Dilling, L. 2005.  Carbon and Climate: Challenges and Opportunities, Cherry Creek Challenge School Invited Speaker, June 3.

Dilling, L., 2005.  Introduction, challenge, and charge to the workshop, “Decision Support and Carbon Cycle Science”,  University of Colorado, June 13-14.

Dilling, L., 2005.  Invited Presentation: “Usable Carbon Cycle Science: Exploring the nexus of carbon cycle science and management at different scales”, International Postdoctoral Scientist Network for Earth Systems Science, Breckenridge, CO, June 23-25.

Recent Roger Pielke Presentations

Pielke, Jr., R. A. 2005.  Climate Change and Disaster Trends: What are the facts?, Reinsurance Association of America’s Current Events Forum, Philadelphia, PA, 26 May.

Pielke, Jr., R. A. 2005.  Beyond Global Warming: Yes or No? Some New Story Ideas on Climate Change, Scripps Institute on the Environment, Center for Environmental Journalism, University of Colorado, Boulder, CO, 19 May.

Pielke, Jr., R. A. 2005. Decisions as a Focus of a Philosophy of Science Policy, Workshop on Philosophy of Science Policy, Lancaster University, Lancaster, UK, 5-6 May.

Pielke, Jr., R. A. 2005.  The IPCC: Honest Broker or Political Advocate? Tyndall Centre for Climate Change Research, University of East Anglia, Norwich, UK, 3 May.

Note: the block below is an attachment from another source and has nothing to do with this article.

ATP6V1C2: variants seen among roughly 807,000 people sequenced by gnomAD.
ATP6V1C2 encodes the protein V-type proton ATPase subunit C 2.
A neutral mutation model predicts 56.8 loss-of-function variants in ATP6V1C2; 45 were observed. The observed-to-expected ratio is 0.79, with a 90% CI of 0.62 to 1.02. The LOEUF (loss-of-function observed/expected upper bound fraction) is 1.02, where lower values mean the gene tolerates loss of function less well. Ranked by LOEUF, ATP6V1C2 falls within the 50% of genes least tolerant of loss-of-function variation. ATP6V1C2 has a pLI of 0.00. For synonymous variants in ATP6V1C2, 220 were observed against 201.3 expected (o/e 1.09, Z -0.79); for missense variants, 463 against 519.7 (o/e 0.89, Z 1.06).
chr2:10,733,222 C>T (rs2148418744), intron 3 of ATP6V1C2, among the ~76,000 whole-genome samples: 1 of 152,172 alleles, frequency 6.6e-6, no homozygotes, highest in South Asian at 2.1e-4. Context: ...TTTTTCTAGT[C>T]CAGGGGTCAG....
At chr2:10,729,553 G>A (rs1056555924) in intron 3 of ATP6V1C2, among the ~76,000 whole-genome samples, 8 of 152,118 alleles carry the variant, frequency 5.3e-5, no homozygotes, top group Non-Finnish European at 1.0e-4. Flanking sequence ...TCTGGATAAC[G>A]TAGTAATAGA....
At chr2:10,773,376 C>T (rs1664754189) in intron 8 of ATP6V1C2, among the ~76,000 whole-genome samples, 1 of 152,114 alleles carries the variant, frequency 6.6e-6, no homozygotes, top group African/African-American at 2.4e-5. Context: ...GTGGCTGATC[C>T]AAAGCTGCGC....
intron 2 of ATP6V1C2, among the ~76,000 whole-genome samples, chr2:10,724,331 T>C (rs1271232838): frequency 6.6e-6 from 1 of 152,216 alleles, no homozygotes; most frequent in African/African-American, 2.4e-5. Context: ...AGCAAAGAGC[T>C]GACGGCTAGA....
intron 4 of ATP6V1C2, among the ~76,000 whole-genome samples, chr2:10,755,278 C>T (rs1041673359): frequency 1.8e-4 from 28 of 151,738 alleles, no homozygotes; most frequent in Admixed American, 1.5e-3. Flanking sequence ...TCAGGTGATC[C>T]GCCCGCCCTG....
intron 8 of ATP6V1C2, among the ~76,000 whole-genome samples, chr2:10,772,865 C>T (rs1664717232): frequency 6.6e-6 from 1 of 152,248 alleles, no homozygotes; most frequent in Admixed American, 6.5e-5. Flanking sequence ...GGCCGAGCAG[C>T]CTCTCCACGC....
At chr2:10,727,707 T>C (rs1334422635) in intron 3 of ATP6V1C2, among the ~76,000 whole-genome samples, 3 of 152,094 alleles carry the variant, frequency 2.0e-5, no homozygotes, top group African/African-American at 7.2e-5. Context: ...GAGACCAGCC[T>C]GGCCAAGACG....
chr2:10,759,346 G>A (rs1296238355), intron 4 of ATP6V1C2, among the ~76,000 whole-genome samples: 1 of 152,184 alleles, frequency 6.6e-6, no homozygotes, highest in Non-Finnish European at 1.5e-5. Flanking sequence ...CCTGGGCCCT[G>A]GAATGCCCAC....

Pielke, Jr., R. A. 2005.  Climate Change and Disasters, Department of Earth System Science, University of California-Irvine, Irvine, CA, 15 April.

Pielke, Jr., R. A. 2005.  Dealing With Scientific Uncertainties in Policy Making, Forum on Science Policy and Ethics, University of Washington, Seattle, WA, 8 April.

Pielke, Jr., R. A. 2005.  A Perspective on the Politicization of Science, Forum on Science Policy and Ethics, University of Washington, Seattle, WA, 7 April.

Pielke, Jr., R. A. 2005. Science Policies and Hurricanes, National Research Council Disasters Roundtable, National Research Council, Washington, DC, 8 March.

Pielke, Jr., R. A. 2005. Beyond Kyot A Third Way on Climate Change, U.S. Environmental Protection Agency, Washington, DC, 7 March.


The Center’s weblog, Prometheus, has received a good deal of attention since its debut in April of 2004.  It has been described as an “excellent science web log” by a UPI reporter; a blog writer urges his readers to “blow off [his blog] and read Prometheus, at least for science policy, especially climate related policy;” and yet another blogger writes “Roger Pielke demonstrates again why the Prometheus blog is must reading for those interested in the intersection of science and public policy. I don't always agree with Pielke, but he's very thoughtful, insightful and provocative.”  Recent topics include the following:

  • Hiding Behind the Science of Stem Cells (May 25)
  • The Linear Model of Science in Climate Policy (May 24)
  • Is the “Hockey Stick” Debate Relevant to Policy? (May 17)
  • Immigration and Climate Change (May 9)
  • Leadership in Space (May 2)